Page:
“Weak.” “Garbled.” Sometimes “non-existent.”
That’s how local emergency officials describe the radio communication system they rely upon to save lives.
However, Hood River County Sheriff’s 9-1-1 Division wants to fill the “holes” in radio coverage that pepper the local geography, and now they have the funds to make a change.
The U.S. Department of Homeland Security has granted $130,000 to the 9-1-1 Division to improve local radio communications. Next steps: gathering public feedback, getting permitted, and ultimately installing new antennas.
The Sheriff’s Office plans to perch the gear atop the County Business Administration Building at 601 State Street, which overlooks downtown Hood River. The spot would become a responders’ communications hub.
The goal is to prevent more antennas on towers around the downtown area. Instead, a small new tower would be added to the existing technology on the County building’s roof.
The public will get a chance to hear the plan at an informational meeting scheduled Tuesday, March 15 at 7 p.m. at the County building, in the Board of Commissioners meeting room, first floor. Neighbors near the Sixth and State Street building and interested residents are encouraged to attend.
“We were excited to receive federal and state Homeland Security funding to help solve a significant safety problem in our community,” Sheriff Matt English said. “Public safety radio systems are the backbone of emergency response.”
Hood River Police Chief Neal Holste called the upgrade a “critical step” in emergency communication. He hopes the new technology will be installed before summer, when Hood River’s population — and calls for service — escalate.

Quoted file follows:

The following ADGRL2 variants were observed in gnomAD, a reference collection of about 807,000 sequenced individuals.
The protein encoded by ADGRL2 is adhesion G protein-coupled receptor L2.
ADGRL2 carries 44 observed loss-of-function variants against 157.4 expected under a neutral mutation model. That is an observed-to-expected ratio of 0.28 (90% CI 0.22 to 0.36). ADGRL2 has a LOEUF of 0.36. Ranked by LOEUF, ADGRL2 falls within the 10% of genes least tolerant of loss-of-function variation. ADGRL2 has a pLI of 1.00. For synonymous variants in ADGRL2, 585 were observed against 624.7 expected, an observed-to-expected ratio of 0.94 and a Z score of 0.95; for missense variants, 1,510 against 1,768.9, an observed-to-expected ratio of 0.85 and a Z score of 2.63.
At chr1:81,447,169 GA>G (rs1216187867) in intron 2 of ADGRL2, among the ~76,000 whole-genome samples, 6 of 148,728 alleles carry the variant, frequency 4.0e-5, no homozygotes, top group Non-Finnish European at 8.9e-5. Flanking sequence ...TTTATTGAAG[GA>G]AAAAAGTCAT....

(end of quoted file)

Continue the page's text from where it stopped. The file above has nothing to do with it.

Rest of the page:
The issue of radio coverage throughout the central Columbia River Gorge has hampered law enforcement, fire and medical crews for years.
Last summer, an ADCOMM Engineering consultant, Joel Harrington, went on ride-along studies with Sheriff’s deputies and discovered “poor to non-existent portable radio coverage” in remote areas of Hood River County, and even some areas within the city.
Deputies got no reception in certain rooms of the County Courthouse — the Sheriff’s own headquarters. Also spotty were the Providence Hood River Memorial Hospital emergency room, Hood River Inn, Hood River City Hall, and Hood River Middle School.
“Ironically, one of our most significant gaps is not in remote areas of the county, but … downtown Hood River,” English said. “There is a lot of radio interference downtown and it’s important that we get a clear public safety signal out, above all that noise.”
In some cases deputies have called for backup during on-foot chases in the downtown area, only to have dispatchers hear static and garble, 9-1-1 Commander Erica Stolhand said.
To spark a radio system overhaul, the Hood River County Board of Commissioners in August approved the Homeland Security grant application and then weighed in favor of the plan at various steps along the way. So did the county Fire Defense Board (chiefs of all five local fire agencies) and the 9-1-1 Users Board.
Devon Wells, Hood River Fire chief, spoke in favor of the radio upgrade and urged quick implementation.
“More radio system improvements will be coming in the future, but this is our top priority in the short term and we also need to act quickly to leverage the time-sensitive grant funding we have been awarded,” Wells said.
Although the County issues permits, the County Administration Building, where the small tower and radio antennas will be installed, is located in downtown Hood River and city permits are required.
The Sheriff’s Office said in a news release “significant” future investments will also be required; however, the County hopes to leverage grants as much as possible, to reduce fiscal impacts down the road, instead of leaning on 9-1-1 and Sheriff’s budgets.
HRCSO offers a broad array of emergency response services to communities across the county, including Search and Rescue, Marine Patrol, 911 dispatch, patrol division, Animal Control, Emergency Management, Forest Patrol, civil division and management support for Northern Oregon Regional Corrections Facility in The Dalles.
For more information on the radio project, contact Stolhand at 541-387-4070 or email erica.stolhand @co.hood-river.or.us or visit www.HoodRiverSheriff.com.